Shares of Noble (NYSE: NE) took off in July, rallying 20.5% according to data provided by S&P Global Market Intelligence. Driving up shares of the offshore driller was optimism following industry leader Transocean's (NYSE: RIG) better-than-expected second-quarter results.
Offshore drilling stocks bounced around with oil prices for most of July. However, the entire sector soared at the end of the month after Transocean posted its second-quarter results. While net loss met expectations, revenue came in a bit ahead of the consensus estimate. Meanwhile, the company said that despite the continued uncertainty surrounding oil prices, the offshore drilling market was getting better.
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Transocean's report fueled the belief that other offshore drillers would post better-than-expected second-quarter results. That's exactly what happened with Noble. In early August, its numbers showed that revenue beat the consensus estimate while net loss wasn't as bad as analysts feared.
The company also said that it won several new contracts and extensions during the quarter. Overall, it added $303 million in future revenue to its backlog in the first half of the year. That's more than double the $133 million of contracts it won during the year-ago period.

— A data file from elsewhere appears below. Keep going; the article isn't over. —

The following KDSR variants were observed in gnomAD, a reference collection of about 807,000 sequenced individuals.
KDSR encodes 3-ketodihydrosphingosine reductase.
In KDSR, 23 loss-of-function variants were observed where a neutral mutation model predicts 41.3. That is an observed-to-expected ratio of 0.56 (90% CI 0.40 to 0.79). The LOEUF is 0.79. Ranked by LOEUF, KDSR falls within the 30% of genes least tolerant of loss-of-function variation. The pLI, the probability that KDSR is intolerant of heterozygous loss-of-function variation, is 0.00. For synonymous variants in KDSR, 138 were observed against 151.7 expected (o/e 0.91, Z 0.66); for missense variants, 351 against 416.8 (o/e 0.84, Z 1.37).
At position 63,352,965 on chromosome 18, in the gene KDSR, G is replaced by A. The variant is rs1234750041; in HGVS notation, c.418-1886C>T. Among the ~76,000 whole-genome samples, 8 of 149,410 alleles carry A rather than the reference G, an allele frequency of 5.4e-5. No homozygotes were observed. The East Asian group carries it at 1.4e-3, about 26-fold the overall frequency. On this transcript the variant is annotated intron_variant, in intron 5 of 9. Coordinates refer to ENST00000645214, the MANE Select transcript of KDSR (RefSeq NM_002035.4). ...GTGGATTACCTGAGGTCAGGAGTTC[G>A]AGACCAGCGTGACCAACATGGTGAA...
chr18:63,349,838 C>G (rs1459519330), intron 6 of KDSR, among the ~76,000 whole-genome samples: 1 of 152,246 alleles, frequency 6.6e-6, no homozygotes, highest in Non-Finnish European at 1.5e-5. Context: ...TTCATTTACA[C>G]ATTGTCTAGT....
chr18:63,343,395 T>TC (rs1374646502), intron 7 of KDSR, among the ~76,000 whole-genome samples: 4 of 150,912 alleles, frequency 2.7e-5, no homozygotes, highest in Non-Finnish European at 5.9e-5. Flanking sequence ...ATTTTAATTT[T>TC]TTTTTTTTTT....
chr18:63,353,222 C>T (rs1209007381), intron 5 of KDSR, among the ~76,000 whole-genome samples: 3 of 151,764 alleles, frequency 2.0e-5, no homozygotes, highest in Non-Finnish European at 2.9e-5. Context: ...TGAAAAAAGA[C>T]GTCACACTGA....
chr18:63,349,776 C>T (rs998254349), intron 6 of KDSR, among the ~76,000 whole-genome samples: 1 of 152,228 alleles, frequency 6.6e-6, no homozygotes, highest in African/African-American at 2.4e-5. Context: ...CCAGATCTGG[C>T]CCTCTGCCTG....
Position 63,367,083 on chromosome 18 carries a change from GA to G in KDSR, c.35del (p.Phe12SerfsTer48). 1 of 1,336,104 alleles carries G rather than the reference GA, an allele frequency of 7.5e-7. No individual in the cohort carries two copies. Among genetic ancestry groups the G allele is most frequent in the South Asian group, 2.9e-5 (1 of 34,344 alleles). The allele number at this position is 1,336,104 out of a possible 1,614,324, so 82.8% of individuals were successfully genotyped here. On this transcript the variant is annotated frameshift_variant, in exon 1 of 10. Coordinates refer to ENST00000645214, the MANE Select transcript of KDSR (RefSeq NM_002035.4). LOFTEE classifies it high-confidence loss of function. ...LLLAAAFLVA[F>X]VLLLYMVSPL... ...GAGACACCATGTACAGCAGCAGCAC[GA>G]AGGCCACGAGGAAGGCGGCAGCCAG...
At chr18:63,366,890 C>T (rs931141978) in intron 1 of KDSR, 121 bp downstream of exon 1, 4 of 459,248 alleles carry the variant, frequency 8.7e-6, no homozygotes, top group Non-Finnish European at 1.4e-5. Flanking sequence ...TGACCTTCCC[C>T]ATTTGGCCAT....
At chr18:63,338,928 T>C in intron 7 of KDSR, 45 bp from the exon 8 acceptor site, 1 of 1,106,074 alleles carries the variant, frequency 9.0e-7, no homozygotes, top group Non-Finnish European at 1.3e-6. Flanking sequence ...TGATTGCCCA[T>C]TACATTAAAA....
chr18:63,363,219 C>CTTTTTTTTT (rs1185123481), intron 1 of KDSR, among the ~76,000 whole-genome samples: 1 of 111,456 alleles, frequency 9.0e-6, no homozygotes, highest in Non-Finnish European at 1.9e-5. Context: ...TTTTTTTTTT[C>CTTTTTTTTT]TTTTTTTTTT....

Noble anticipates that trend will continue. CEO Julie Robertson stated that the "steady recovery remains apparent" as utilization rates across the industry improve. Oil companies are stepping up their exploration efforts due to an overall stabilization in the oil market and the fact that the industry is having a banner year for discoveries. Oil companies already made 10 deepwater finds this year, which has them on pace with 2016's record year when they made 22 discoveries.
After several challenging years, the offshore drilling industry is finally starting to show some signs of life. Oil companies are spending more money on offshore exploration and development programs, which is driving up demand for drilling rigs. That trend should continue as long as they keep finding oil and crude prices cooperate.
This article was originally published on Fool.com